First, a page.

It seems that no ancient treatment is daft enough for some researchers of so-called alternative medicine (SCAM) to not pick it up. Even bloodletting is back, it seems!

The aim of this study was to investigate the effects of therapeutic phlebotomy on ambulatory blood pressure in patients with grade 1 hypertension. In this randomized-controlled intervention study, patients with unmedicated hypertension grade 1 were randomized into an intervention group (phlebotomy group; 500 mL bloodletting at baseline and after 6 weeks) and a control group (waiting list) and followed up for 8 weeks. The primary endpoint was the 24-h ambulatory mean arterial pressure between the intervention and control groups after 8 weeks. Secondary outcome parameters included ambulatory/resting systolic/diastolic blood pressure, heart rate, and selected laboratory parameters (e.g., hemoglobin, hematocrit, erythrocytes, and ferritin). Resting systolic/diastolic blood pressure/heart rate and blood count were also assessed at 6 weeks before the second phlebotomy to ensure safety. A per-protocol analysis was performed.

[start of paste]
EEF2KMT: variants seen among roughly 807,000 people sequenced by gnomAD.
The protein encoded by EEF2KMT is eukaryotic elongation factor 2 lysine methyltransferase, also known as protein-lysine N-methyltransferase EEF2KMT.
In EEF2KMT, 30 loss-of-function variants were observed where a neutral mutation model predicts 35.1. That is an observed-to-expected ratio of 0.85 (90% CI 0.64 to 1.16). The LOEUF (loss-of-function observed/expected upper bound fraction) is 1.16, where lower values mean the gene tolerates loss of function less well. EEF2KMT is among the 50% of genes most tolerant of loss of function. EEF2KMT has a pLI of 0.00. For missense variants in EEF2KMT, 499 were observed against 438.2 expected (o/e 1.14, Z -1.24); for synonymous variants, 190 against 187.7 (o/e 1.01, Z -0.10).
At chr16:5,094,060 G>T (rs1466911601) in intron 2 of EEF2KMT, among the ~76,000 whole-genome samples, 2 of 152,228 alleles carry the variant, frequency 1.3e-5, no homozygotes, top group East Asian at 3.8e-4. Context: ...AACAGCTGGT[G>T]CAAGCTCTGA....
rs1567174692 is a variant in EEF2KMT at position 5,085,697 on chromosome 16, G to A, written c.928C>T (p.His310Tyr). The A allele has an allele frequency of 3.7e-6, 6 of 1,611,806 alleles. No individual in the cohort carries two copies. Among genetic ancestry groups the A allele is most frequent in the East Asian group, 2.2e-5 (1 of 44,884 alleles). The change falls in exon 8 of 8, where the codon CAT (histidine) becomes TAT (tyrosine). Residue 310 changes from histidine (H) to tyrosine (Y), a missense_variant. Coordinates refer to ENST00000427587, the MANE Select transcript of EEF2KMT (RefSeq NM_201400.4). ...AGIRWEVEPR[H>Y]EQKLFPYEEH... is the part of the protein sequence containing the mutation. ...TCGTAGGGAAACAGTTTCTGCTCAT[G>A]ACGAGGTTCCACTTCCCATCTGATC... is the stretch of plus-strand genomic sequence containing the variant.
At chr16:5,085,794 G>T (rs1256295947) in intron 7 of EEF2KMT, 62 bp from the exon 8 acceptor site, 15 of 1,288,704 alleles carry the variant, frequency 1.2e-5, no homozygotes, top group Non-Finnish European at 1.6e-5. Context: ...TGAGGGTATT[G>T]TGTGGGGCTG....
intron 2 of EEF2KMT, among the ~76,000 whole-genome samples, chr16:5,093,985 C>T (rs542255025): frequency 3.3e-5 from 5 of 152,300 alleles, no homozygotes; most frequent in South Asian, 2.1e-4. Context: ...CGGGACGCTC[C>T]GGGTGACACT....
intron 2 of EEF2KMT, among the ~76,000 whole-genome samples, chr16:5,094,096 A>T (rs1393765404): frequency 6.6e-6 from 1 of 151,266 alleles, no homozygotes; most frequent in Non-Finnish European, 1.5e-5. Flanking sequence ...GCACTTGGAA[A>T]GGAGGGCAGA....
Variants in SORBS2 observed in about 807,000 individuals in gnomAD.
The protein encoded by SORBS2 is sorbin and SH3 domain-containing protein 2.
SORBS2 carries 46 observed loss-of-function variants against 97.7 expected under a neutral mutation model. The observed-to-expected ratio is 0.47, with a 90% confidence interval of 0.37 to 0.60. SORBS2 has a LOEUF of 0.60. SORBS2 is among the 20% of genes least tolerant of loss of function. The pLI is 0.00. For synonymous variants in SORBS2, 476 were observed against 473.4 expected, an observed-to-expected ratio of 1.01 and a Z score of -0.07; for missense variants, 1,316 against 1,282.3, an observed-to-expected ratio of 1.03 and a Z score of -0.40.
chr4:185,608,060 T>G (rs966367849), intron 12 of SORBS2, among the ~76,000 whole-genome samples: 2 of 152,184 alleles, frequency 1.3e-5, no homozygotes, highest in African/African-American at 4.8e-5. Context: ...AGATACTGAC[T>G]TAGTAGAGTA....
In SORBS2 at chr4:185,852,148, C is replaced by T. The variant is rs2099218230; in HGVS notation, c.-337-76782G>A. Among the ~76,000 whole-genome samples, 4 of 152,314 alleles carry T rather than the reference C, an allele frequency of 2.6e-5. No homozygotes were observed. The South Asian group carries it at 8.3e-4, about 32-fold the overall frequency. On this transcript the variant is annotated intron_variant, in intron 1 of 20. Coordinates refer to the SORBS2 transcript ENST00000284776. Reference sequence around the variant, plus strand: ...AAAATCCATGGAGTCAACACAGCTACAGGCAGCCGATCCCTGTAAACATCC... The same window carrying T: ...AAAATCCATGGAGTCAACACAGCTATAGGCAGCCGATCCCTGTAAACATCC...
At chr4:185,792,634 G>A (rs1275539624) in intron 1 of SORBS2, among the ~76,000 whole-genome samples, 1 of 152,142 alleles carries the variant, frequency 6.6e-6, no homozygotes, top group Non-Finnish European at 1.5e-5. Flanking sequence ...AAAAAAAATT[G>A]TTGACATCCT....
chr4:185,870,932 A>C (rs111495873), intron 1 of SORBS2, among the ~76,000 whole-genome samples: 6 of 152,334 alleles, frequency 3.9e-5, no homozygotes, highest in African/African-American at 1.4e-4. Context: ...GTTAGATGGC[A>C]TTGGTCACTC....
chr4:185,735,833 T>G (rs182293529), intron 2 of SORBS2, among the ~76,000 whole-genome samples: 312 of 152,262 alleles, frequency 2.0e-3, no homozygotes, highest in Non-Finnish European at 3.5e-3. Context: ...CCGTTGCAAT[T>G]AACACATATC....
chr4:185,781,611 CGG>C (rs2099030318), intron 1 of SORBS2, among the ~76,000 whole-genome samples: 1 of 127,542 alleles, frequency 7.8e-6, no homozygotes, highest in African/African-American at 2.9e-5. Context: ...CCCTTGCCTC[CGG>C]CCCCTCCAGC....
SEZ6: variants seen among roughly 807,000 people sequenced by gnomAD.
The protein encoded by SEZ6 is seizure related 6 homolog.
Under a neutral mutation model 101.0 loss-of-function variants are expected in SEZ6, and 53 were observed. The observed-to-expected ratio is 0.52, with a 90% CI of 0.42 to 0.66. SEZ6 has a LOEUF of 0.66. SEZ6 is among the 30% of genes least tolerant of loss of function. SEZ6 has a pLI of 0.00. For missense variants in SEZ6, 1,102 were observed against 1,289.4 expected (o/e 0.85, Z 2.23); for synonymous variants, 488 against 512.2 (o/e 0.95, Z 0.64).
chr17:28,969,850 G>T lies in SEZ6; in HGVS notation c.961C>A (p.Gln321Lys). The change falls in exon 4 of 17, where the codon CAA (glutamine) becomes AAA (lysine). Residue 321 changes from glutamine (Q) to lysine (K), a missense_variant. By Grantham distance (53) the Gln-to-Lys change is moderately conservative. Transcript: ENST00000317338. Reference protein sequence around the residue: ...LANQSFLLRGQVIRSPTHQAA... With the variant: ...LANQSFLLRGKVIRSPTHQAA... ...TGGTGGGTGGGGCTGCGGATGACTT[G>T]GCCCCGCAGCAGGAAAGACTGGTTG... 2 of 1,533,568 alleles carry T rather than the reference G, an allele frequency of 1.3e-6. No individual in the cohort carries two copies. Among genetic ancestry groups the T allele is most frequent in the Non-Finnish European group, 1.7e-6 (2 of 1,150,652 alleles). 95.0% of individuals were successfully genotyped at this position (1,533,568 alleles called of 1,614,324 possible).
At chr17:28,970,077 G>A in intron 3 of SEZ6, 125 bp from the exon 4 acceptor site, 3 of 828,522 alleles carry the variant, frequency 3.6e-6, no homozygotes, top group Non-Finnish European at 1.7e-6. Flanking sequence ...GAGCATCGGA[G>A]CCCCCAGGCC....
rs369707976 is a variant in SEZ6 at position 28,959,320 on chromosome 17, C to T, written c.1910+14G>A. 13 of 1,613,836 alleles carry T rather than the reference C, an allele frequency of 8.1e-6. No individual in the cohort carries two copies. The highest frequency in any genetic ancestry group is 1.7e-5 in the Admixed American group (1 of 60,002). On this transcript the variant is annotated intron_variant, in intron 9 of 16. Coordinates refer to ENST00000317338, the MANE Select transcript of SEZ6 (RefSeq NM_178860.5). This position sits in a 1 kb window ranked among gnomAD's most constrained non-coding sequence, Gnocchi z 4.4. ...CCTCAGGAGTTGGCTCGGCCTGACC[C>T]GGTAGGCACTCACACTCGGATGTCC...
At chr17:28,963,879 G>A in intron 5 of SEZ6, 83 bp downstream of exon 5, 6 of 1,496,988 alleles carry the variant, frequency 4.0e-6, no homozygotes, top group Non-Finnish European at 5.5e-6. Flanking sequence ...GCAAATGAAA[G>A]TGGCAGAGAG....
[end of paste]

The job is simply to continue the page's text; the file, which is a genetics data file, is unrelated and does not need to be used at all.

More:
Fifty-three hypertension participants (56.7 ± 10.5 years) were included in the analysis (n = 25 intervention group, n = 28 control group). The ambulatory measured mean arterial pressure decreased by -1.12 ± 5.16 mmHg in the intervention group and increased by 0.43 ± 3.82 mmHg in the control group (between-group difference: -1.55 ± 4.46, p = 0.22). Hemoglobin, hematocrit, erythrocytes, and ferritin showed more pronounced reductions in the intervention group in comparison with the control group, with significant between-group differences. Subgroup analysis showed trends regarding the effects on different groups classified by serum ferritin concentration, body mass index, age, and sex. Two adverse events (AEs) (anemia and dizziness) occurred in association with the phlebotomy, but no serious AEs.